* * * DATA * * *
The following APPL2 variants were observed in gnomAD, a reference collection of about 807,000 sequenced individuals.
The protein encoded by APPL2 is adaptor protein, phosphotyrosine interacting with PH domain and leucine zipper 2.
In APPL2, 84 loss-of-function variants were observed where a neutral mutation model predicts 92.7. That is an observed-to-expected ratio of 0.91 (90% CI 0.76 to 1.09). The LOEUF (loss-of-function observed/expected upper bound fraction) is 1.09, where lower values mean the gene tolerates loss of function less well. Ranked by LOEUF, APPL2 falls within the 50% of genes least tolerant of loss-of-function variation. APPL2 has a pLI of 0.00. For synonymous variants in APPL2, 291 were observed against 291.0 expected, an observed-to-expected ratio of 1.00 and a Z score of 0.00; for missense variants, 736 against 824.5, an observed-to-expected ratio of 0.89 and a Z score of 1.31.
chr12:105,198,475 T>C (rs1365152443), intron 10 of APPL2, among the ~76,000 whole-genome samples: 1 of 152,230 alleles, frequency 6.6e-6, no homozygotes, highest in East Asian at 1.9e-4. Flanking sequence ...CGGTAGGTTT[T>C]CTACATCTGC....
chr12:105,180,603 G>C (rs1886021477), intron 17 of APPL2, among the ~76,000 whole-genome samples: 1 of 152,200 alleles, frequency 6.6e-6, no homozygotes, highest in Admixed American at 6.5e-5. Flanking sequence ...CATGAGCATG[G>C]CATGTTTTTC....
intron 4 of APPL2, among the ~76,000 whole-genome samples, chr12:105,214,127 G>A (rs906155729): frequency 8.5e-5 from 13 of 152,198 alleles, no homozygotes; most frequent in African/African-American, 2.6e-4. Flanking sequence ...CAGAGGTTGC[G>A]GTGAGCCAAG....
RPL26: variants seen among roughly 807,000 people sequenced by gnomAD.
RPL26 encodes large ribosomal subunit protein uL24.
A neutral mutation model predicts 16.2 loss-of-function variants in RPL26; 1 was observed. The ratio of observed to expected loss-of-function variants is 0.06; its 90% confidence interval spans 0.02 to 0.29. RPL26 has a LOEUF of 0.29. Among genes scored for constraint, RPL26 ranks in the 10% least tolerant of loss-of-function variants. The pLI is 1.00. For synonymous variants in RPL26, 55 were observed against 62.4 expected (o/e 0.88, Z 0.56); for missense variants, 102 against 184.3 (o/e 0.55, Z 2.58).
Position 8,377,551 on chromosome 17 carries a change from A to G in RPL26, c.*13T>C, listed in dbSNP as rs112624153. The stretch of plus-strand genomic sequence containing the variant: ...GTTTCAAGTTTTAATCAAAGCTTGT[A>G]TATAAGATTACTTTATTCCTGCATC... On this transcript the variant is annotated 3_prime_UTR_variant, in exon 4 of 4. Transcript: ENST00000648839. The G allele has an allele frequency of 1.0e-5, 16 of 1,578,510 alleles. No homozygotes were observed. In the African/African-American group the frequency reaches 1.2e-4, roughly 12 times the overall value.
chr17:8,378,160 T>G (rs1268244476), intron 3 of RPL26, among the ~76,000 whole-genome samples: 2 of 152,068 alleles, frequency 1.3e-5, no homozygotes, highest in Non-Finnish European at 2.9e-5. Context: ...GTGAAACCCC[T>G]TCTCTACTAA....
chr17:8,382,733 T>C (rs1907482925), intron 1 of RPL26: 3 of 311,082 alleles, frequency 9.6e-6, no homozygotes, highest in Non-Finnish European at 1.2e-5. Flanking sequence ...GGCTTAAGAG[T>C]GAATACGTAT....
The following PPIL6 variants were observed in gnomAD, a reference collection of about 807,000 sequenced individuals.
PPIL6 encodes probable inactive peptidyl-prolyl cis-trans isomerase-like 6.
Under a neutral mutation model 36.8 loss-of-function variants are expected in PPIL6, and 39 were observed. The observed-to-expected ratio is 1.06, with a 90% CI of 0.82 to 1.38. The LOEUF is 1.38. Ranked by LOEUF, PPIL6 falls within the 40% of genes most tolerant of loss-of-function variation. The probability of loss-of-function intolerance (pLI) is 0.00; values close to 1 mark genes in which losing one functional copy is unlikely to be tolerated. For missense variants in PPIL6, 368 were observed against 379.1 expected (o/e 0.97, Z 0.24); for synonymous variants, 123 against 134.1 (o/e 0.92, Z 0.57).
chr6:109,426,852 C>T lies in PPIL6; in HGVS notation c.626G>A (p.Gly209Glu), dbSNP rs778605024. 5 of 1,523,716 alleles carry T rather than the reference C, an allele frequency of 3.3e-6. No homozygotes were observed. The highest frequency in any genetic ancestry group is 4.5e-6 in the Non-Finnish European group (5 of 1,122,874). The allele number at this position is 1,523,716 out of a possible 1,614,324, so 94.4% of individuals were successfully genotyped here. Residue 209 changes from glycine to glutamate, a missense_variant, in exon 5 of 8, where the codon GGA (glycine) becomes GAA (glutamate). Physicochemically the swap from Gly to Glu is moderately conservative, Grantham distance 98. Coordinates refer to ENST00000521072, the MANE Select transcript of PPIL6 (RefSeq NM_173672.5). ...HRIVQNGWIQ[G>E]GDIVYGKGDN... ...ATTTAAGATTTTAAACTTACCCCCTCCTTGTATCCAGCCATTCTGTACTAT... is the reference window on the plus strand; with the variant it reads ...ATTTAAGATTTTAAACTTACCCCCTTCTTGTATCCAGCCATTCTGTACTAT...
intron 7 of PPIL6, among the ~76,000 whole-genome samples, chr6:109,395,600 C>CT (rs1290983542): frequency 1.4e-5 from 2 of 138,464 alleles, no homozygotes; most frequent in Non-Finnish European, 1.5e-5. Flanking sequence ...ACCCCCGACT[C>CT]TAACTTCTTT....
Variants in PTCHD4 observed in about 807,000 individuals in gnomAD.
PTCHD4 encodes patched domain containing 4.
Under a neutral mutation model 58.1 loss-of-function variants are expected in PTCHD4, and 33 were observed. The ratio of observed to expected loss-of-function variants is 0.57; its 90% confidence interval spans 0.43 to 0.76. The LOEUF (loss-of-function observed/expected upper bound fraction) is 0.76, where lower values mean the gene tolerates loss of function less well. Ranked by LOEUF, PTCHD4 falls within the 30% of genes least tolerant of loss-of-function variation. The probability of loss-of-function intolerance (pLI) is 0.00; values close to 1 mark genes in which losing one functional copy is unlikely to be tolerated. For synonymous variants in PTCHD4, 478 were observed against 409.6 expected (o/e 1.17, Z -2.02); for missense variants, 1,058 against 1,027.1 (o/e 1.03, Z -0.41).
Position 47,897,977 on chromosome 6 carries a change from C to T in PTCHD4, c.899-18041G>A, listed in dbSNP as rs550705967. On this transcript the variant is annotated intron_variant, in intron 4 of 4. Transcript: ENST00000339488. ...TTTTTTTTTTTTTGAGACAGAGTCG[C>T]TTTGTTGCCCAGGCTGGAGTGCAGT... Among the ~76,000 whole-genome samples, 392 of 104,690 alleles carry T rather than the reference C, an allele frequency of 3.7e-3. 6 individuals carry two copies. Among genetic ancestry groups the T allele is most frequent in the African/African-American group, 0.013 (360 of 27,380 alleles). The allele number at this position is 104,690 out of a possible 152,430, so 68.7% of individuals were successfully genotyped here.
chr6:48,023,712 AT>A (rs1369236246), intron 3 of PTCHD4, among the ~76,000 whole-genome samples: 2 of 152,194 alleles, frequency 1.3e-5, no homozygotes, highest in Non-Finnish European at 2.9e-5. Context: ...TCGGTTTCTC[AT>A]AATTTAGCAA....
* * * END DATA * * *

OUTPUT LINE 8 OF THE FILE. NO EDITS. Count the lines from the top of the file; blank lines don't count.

RPL26 encodes large ribosomal subunit protein uL24.